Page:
Forms of Contraception – Vaginal Ring

The vaginal ring offers protection against pregnancy without the inconvenience of barrier methods, spermicides or remembering to take a daily pill. The ring is a once a month combined hormonal contraceptive method which consists of a flexible transparent plastic ring. The ring contains hormones; estrogen and a progestogen, similar to the ones found in combined oral contraceptives (the pill). Women insert the ring into the vagina themselves which is easy to do. The ring is left in place for 3 consecutive weeks, the same number of days that is in one cycle of oral contraceptive pills. During this period it releases a steady low dose of hormones which prevent pregnancy by stopping the release of a mature egg (ovulation), thickens cervical mucus making it difficult for sperm to travel through the cervix and fertilise an egg if one is released and may alters the lining of the uterus so that a fertilised egg cannot implant into the uterine wall.  After three weeks, the ring is removed to make way for a menstrual period, after a ring-free period of 1 week a new ring is inserted for another three weeks and so on. The week that the Ring is not worn, menstruation occurs.

The Ring does not protect against any sexually transmitted diseases (STDs). First time users of the Ring will start this method of birth control during the first five days of their menstrual period. Because it takes seven days for the Ring to become effective, it will be necessary to use an additional form of birth control during the first week.  For women already using another form of hormonal birth control, then the Ring will be effective immediately after the switch.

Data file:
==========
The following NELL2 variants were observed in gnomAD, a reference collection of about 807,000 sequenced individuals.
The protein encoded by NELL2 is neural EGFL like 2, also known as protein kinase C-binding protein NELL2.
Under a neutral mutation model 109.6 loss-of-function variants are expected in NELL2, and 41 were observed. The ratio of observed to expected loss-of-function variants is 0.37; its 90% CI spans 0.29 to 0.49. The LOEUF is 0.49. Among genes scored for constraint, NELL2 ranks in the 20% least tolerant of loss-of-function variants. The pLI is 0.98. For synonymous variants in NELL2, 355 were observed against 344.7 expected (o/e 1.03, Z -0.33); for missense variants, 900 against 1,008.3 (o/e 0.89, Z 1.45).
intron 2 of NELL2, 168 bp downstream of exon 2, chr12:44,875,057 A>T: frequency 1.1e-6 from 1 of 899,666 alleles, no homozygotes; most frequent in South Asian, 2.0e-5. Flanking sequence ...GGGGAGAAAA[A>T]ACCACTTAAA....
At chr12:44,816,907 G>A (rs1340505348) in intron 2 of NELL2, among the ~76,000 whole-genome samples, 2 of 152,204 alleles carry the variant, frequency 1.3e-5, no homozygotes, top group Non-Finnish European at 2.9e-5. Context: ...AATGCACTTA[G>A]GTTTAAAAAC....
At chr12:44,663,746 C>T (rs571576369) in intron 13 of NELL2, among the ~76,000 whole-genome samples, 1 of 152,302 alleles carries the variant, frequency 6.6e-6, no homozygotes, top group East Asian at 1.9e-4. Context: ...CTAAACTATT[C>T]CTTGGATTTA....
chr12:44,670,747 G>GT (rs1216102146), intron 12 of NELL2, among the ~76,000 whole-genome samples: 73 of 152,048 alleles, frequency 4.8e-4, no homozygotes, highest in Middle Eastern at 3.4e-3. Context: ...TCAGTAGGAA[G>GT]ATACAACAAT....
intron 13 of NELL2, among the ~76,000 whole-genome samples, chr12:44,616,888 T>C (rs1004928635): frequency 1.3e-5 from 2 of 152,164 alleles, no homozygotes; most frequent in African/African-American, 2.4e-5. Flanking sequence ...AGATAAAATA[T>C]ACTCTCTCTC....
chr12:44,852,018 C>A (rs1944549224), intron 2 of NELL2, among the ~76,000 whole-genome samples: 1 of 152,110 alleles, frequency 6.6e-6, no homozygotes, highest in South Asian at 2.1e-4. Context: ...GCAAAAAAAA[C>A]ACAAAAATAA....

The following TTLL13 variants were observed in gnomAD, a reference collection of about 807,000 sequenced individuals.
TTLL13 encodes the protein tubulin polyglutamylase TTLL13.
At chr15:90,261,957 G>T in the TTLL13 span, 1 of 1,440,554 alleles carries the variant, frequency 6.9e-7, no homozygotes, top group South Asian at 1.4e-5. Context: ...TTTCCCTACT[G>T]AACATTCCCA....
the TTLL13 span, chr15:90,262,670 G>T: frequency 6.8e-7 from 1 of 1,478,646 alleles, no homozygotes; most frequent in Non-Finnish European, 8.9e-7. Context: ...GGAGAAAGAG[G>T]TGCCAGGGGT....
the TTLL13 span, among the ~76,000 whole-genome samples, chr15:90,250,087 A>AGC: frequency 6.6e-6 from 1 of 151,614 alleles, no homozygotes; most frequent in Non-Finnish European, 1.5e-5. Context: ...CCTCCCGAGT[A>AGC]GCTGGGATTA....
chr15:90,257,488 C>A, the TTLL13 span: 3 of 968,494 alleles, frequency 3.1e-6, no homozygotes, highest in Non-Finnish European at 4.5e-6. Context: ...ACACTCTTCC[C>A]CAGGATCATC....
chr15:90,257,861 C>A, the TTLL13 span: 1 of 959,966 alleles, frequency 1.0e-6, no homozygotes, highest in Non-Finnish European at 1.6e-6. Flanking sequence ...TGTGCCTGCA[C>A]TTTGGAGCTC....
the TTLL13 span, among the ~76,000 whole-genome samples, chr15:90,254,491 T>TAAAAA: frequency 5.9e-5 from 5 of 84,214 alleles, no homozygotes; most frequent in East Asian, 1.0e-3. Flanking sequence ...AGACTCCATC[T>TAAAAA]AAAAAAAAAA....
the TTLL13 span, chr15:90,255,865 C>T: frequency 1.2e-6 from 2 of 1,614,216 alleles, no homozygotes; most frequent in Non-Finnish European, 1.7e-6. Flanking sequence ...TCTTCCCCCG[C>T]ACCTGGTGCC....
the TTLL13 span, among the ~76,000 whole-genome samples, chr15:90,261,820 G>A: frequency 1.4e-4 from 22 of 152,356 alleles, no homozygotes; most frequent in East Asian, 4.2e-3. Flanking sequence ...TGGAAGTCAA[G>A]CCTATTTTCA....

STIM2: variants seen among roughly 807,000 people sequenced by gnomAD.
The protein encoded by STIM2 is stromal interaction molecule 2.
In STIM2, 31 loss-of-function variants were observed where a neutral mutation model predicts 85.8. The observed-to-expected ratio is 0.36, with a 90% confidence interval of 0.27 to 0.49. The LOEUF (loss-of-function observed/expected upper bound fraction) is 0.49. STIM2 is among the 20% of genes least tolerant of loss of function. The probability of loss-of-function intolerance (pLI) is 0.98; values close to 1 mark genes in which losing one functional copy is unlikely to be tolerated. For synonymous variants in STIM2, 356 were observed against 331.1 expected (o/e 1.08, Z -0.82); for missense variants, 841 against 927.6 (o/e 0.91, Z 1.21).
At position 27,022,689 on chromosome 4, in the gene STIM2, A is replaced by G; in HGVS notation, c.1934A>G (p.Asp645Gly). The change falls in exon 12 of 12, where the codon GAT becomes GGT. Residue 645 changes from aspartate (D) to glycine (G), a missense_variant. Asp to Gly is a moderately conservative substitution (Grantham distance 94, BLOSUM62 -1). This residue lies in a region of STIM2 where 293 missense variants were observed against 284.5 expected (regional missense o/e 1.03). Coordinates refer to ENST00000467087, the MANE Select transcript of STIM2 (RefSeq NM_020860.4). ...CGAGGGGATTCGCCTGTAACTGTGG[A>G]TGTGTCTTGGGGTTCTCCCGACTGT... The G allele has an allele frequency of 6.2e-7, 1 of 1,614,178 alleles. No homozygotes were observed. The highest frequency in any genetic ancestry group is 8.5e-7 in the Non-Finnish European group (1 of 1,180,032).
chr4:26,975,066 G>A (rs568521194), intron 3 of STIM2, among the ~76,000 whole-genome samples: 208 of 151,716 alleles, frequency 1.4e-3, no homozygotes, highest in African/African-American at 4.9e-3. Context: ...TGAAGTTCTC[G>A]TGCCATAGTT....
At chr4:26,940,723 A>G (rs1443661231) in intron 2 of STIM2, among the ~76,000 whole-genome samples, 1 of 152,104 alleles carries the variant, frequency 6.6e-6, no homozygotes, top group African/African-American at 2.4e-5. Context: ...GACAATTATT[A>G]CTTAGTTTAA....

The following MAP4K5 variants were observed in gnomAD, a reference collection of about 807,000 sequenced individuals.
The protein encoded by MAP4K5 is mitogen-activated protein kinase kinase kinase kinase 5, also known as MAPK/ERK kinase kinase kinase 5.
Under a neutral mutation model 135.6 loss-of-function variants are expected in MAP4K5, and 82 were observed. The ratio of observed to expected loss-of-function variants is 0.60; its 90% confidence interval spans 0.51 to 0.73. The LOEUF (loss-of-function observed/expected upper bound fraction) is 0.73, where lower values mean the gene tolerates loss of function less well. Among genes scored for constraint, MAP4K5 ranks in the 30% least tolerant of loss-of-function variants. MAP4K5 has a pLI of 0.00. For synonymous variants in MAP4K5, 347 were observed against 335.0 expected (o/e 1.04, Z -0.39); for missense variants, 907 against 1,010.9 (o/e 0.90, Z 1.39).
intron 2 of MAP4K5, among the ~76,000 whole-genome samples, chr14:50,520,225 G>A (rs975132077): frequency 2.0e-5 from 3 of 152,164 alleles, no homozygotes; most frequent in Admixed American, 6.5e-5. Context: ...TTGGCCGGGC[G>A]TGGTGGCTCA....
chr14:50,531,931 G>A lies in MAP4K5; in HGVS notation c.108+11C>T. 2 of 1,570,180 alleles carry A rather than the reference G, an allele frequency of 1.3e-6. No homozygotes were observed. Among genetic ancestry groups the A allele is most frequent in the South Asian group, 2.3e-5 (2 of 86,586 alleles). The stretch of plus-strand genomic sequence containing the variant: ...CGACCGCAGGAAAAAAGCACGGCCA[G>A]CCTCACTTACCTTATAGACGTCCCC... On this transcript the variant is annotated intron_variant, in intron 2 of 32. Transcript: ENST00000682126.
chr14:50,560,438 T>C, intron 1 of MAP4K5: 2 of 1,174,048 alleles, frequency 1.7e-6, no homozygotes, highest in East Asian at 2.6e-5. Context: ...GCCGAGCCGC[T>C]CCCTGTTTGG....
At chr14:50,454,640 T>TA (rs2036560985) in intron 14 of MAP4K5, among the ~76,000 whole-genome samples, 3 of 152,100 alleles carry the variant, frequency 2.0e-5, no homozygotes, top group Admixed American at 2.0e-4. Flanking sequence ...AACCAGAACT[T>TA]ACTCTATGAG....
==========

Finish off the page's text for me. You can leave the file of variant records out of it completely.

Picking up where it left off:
Women like the convenience of only having to worry about their contraception once a month. It does not interfere with the spontaneous intercourse. The vaginal ring can causes lighter and shorter menses with fewer cramps. Other benefits include decreased PMS (premenstrual symptoms), decrease acne, some protection against pelvic inflammatory disease and etopic pregnancy and decreased risk of endometrial and ovarian cancers. These are similar to the combined oral contraceptive pills.

As with all hormonal birth control methods, the common side effects associated with the use of vaginal contraceptive rings include increased vaginal discharge / irritation or yeast infection, weight gain, nausea, spotting or breakthrough bleeding, headaches, breast tenderness and mood swings. These are rare. Even rarer are more serious health complications like an increased risk of blood clots in the legs, lungs, heart and brain, stroke, heart attacks, gallbladder disease, a slightly increased risk of breast cancer and cervical cancer but these disappear once it is stopped. Vaginal ring users who smoke and who are obese are more at risk of these complications than other users. The ring and all hormonal contraceptive cannot be used if there is a history of breast cancer, poorly controlled diabetes, high blood pressure, high cholesterol, epilepsy, depression, gallbladder or kidney disease, recently had major surgery, sensitive vagina, prolapse uterus or bladder, rectal prolapse and breastfeeding. (Please note that all these side effects apply to hormonal contraceptives).

Although it is not common, the Ring can slip out of the vagina. When used as directed, the ring is 95% and 99% effective, depending upon device usage. Once the contraception is stopped permanently, full fertility usually returns within a few months. The exact position of the ring in the vagina is not critical for its action. As long as it feels comfortable the ring is in the right position and will release the hormones necessary for contraception.